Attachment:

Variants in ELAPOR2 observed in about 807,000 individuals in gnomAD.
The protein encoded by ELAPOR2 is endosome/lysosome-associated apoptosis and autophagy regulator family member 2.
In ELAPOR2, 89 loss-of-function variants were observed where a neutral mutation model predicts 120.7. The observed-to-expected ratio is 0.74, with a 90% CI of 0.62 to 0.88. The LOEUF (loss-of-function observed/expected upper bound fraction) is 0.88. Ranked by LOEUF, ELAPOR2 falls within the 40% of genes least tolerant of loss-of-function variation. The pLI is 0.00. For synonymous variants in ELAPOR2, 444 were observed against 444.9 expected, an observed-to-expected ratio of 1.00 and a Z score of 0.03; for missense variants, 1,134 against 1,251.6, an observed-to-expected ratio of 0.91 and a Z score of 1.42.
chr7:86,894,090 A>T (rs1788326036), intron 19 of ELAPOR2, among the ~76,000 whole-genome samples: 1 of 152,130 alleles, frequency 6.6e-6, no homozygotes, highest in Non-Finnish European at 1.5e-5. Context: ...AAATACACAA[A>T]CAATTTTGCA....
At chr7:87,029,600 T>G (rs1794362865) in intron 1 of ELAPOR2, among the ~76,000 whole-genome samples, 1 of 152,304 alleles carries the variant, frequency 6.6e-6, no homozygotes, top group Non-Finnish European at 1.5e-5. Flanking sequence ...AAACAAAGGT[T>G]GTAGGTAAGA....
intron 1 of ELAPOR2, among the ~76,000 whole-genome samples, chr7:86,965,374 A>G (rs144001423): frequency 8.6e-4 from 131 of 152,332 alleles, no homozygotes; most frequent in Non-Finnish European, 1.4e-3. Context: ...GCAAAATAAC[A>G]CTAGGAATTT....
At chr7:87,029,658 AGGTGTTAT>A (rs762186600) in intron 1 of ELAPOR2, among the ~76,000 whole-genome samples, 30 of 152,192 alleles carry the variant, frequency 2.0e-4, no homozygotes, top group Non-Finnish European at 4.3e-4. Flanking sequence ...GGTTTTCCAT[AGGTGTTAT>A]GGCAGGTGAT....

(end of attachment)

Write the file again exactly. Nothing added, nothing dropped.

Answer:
Variants in ELAPOR2 observed in about 807,000 individuals in gnomAD.
The protein encoded by ELAPOR2 is endosome/lysosome-associated apoptosis and autophagy regulator family member 2.
In ELAPOR2, 89 loss-of-function variants were observed where a neutral mutation model predicts 120.7. The observed-to-expected ratio is 0.74, with a 90% CI of 0.62 to 0.88. The LOEUF (loss-of-function observed/expected upper bound fraction) is 0.88. Ranked by LOEUF, ELAPOR2 falls within the 40% of genes least tolerant of loss-of-function variation. The pLI is 0.00. For synonymous variants in ELAPOR2, 444 were observed against 444.9 expected, an observed-to-expected ratio of 1.00 and a Z score of 0.03; for missense variants, 1,134 against 1,251.6, an observed-to-expected ratio of 0.91 and a Z score of 1.42.
chr7:86,894,090 A>T (rs1788326036), intron 19 of ELAPOR2, among the ~76,000 whole-genome samples: 1 of 152,130 alleles, frequency 6.6e-6, no homozygotes, highest in Non-Finnish European at 1.5e-5. Context: ...AAATACACAA[A>T]CAATTTTGCA....
At chr7:87,029,600 T>G (rs1794362865) in intron 1 of ELAPOR2, among the ~76,000 whole-genome samples, 1 of 152,304 alleles carries the variant, frequency 6.6e-6, no homozygotes, top group Non-Finnish European at 1.5e-5. Flanking sequence ...AAACAAAGGT[T>G]GTAGGTAAGA....
intron 1 of ELAPOR2, among the ~76,000 whole-genome samples, chr7:86,965,374 A>G (rs144001423): frequency 8.6e-4 from 131 of 152,332 alleles, no homozygotes; most frequent in Non-Finnish European, 1.4e-3. Context: ...GCAAAATAAC[A>G]CTAGGAATTT....
At chr7:87,029,658 AGGTGTTAT>A (rs762186600) in intron 1 of ELAPOR2, among the ~76,000 whole-genome samples, 30 of 152,192 alleles carry the variant, frequency 2.0e-4, no homozygotes, top group Non-Finnish European at 4.3e-4. Flanking sequence ...GGTTTTCCAT[AGGTGTTAT>A]GGCAGGTGAT....